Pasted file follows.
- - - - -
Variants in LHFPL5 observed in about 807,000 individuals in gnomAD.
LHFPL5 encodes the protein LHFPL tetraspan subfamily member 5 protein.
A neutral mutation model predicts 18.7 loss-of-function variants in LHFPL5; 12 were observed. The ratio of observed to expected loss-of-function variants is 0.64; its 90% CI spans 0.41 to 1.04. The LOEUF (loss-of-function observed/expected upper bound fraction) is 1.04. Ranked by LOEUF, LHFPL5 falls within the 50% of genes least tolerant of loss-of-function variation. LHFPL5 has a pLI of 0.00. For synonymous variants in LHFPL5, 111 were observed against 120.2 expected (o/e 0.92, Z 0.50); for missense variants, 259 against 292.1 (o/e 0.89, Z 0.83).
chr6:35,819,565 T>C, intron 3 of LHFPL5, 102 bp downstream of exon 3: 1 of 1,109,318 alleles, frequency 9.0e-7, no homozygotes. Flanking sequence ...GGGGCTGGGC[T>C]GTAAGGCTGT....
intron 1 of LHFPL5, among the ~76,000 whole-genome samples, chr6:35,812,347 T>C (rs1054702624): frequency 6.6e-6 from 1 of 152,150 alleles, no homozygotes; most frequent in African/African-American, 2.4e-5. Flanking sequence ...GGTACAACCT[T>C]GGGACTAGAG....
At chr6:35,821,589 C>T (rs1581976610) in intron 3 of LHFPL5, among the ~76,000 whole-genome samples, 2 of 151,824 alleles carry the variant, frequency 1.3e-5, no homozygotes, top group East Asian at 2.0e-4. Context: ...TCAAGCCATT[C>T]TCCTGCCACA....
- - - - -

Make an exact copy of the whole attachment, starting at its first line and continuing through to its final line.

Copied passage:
Variants in LHFPL5 observed in about 807,000 individuals in gnomAD.
LHFPL5 encodes the protein LHFPL tetraspan subfamily member 5 protein.
A neutral mutation model predicts 18.7 loss-of-function variants in LHFPL5; 12 were observed. The ratio of observed to expected loss-of-function variants is 0.64; its 90% CI spans 0.41 to 1.04. The LOEUF (loss-of-function observed/expected upper bound fraction) is 1.04. Ranked by LOEUF, LHFPL5 falls within the 50% of genes least tolerant of loss-of-function variation. LHFPL5 has a pLI of 0.00. For synonymous variants in LHFPL5, 111 were observed against 120.2 expected (o/e 0.92, Z 0.50); for missense variants, 259 against 292.1 (o/e 0.89, Z 0.83).
chr6:35,819,565 T>C, intron 3 of LHFPL5, 102 bp downstream of exon 3: 1 of 1,109,318 alleles, frequency 9.0e-7, no homozygotes. Flanking sequence ...GGGGCTGGGC[T>C]GTAAGGCTGT....
intron 1 of LHFPL5, among the ~76,000 whole-genome samples, chr6:35,812,347 T>C (rs1054702624): frequency 6.6e-6 from 1 of 152,150 alleles, no homozygotes; most frequent in African/African-American, 2.4e-5. Flanking sequence ...GGTACAACCT[T>C]GGGACTAGAG....
At chr6:35,821,589 C>T (rs1581976610) in intron 3 of LHFPL5, among the ~76,000 whole-genome samples, 2 of 151,824 alleles carry the variant, frequency 1.3e-5, no homozygotes, top group East Asian at 2.0e-4. Context: ...TCAAGCCATT[C>T]TCCTGCCACA....